Category: Atopy

The Lowdown on Food Allergies & Diets

1Is your pet having ongoing skin or gastro intestinal issues with unknown causes? Have you exhausted all the other causes such as infection, parasites, or anatomy issues? Is your pet’s Veterinarian now recommending a food trial? If so, below is the lowdown on food allergies, what exactly a food trial is, how to properly execute a food trial, and what food options there are.

 What is a food allergy?

A food allergy is an immune system reaction that occurs after eating a certain food. Ingredients in pet food may be combined or changed into substances recognized by the immune system as foreign invaders to be attacked. The target of this attack include the gastrointestinal (GI) tract or other organ systems, but in dogs and cats it is the skin that most often suffers the most. The classical signs of food allergies in pets can be itchy lesions on the face, limbs, anal area, and ears. Some other symptoms are ongoing diarrhea and/or vomiting. Symptoms start when the pet is less than 6 months old or starts when the pet is older then 5-6 years old. Food allergies can develop even if a pet has been eating the same food for years with no issues. It takes time for them to develop the allergy. Symptoms do not happen seasonally like with airborne allergens, they are always present.  It is also noted that corticosteroids do not help with most food allergy issues.

The pet food companies have done a great job of advertising “grain free” diets, but unfortunately the pet usually is having a reaction to both the protein and/or carbohydrate in the diet. Grains are not bad for our pets. There is no simple test to see exactly what is causing the reaction. To solve the problem the culprit must be removed from the pet’s world. This is why we do food trials.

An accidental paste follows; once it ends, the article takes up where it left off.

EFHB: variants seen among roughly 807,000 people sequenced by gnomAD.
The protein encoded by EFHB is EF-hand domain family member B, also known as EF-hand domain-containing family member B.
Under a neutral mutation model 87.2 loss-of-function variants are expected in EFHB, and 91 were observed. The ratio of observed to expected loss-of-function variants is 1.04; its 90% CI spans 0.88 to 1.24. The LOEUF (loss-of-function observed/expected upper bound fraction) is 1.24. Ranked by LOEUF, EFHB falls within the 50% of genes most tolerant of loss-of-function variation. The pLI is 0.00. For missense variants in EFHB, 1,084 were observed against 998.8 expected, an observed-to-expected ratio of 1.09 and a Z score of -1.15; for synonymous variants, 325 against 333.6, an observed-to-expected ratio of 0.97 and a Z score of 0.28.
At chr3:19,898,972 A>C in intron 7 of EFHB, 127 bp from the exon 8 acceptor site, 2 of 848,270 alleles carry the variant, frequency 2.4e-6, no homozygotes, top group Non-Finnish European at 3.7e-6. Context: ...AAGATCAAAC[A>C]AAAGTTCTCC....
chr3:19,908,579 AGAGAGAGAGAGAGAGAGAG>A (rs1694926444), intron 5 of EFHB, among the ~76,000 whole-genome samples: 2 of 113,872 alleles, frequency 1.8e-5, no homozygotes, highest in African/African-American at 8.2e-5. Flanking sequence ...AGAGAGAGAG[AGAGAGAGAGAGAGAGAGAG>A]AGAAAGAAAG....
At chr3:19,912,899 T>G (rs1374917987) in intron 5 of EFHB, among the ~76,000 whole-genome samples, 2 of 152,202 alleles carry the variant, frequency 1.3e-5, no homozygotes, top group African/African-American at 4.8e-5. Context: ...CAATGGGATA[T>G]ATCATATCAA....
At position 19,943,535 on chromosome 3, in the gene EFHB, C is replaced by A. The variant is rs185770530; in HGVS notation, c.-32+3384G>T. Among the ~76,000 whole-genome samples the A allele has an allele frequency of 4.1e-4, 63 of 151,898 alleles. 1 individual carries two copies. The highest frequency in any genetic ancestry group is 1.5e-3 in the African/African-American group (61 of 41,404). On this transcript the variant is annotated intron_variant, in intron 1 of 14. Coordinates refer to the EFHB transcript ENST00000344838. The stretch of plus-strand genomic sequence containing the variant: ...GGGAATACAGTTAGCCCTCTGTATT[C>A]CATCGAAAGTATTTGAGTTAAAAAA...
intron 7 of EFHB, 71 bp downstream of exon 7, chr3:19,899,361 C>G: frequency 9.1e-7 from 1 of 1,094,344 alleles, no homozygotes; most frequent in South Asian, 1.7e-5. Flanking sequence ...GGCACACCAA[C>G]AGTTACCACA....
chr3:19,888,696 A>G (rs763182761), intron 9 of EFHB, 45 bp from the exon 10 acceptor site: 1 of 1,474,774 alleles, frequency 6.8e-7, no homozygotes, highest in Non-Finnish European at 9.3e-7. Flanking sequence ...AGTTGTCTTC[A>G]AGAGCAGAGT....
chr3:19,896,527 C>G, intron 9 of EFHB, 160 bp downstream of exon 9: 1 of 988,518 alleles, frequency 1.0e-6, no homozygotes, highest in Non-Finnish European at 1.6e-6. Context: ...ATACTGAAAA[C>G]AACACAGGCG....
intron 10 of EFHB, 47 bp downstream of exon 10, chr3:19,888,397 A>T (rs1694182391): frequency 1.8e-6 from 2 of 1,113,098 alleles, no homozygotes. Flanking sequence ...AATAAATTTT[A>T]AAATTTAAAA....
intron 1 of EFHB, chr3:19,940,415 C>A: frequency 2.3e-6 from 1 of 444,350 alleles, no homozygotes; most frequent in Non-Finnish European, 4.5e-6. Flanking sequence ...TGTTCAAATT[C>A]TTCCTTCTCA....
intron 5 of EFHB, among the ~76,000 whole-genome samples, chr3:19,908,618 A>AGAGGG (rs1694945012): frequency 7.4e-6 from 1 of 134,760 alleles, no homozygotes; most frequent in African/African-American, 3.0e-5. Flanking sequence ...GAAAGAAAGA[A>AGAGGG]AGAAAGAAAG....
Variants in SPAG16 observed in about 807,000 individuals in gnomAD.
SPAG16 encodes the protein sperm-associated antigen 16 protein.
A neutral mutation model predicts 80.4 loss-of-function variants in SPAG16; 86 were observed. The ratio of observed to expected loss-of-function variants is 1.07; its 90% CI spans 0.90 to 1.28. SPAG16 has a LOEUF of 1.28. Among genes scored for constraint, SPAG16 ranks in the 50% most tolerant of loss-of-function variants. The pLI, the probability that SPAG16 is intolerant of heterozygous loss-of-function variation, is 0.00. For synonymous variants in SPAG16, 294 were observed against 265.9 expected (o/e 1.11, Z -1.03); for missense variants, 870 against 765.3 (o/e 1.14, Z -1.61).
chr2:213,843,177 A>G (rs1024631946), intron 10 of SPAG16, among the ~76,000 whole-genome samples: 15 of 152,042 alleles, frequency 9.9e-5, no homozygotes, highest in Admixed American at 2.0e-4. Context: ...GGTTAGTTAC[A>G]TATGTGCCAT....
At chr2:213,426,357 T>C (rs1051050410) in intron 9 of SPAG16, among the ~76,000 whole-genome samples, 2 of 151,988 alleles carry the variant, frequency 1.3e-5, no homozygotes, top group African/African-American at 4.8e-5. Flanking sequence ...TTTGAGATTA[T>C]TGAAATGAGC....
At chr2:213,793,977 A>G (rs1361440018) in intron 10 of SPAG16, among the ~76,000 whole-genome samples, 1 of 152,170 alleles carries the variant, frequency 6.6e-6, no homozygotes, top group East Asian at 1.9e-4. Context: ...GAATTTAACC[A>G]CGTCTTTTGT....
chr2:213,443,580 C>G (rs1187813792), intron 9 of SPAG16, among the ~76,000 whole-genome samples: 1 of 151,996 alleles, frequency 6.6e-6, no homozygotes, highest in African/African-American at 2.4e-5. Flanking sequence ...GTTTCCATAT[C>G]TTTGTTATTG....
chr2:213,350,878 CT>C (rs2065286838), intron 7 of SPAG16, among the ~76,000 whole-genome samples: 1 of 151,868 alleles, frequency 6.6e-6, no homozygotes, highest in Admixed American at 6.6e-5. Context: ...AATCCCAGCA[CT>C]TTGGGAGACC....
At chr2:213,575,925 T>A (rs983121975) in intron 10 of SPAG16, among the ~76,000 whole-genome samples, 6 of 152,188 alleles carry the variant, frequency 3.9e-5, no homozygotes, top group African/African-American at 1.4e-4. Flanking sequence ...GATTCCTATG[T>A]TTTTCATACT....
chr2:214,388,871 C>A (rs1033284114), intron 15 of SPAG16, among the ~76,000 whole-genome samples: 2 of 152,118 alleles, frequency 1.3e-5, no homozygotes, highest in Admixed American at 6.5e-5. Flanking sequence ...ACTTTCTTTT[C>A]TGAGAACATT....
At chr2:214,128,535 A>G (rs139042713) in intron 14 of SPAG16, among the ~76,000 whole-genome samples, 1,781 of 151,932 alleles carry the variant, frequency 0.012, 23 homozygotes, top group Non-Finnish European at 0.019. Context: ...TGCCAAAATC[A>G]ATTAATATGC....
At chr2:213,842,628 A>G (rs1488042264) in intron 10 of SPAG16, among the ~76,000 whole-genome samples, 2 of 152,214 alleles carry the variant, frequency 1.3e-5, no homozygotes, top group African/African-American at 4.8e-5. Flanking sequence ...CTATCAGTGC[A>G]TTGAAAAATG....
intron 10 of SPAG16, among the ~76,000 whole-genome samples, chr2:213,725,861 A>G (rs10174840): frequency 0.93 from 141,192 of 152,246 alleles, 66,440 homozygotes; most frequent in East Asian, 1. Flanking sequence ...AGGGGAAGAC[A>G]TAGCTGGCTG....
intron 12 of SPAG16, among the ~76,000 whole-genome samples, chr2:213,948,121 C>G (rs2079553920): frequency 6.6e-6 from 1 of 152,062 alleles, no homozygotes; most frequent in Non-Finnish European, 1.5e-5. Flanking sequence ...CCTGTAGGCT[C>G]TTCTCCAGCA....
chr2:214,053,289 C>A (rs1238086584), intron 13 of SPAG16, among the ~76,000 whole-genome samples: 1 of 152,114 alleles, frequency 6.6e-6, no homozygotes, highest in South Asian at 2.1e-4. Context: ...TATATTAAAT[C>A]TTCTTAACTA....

What is a food trial?

Before beginning a food trial we want to make sure all other possible culprits have been ruled out (parasites, infections, anatomy issues). If there is any secondary skin infection from the lesions, they must be cleared before starting the trial.

A food trial is when a hypoallergenic diet is fed for a period of time deemed by your Veterinarian. If the symptoms resolve, you then switch the pet back to its original food for 2 weeks to see if the symptoms return. If we see relapse, it is recommended to return to the food trial diet and staying on the food indefinitely.

There are no other ways to diagnose a food allergy. Blood tests are not helpful. Blood tests can detect antibodies against certain food proteins but this does not mean that the pet has an allergy. It could just mean the pet has eaten that type of protein before.

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What is involved in a food trial?

Food trials are VERY strict in order to see accurate results and everyone in the household must be on board with the instructions. This means the pet shouldn’t have any other protein sources besides the test protein. This includes rawhides, flavored chew toys, flavored chewable medications including heartworm/flea preventions, flavored vitamins, and all treats. Chewable medications will need to be switched to non flavored tablets/capsules and chewable heartworm/flea preventions may need to be switched to a topical brand.

As stated above, the pet is put on a hypoallergenic diet for at least 3 months. No other food/treats can be fed. If symptoms resolve then the pet is put back on their original diet for 2 weeks. If symptoms resume then we can diagnose a food allergy. The pet can then return to the hypoallergenic diet indefinitely. Some owners opt to not go back to the original diet because they do not want their pet to go through the horrible symptoms again. They will just continue the food trial diet indefinitely.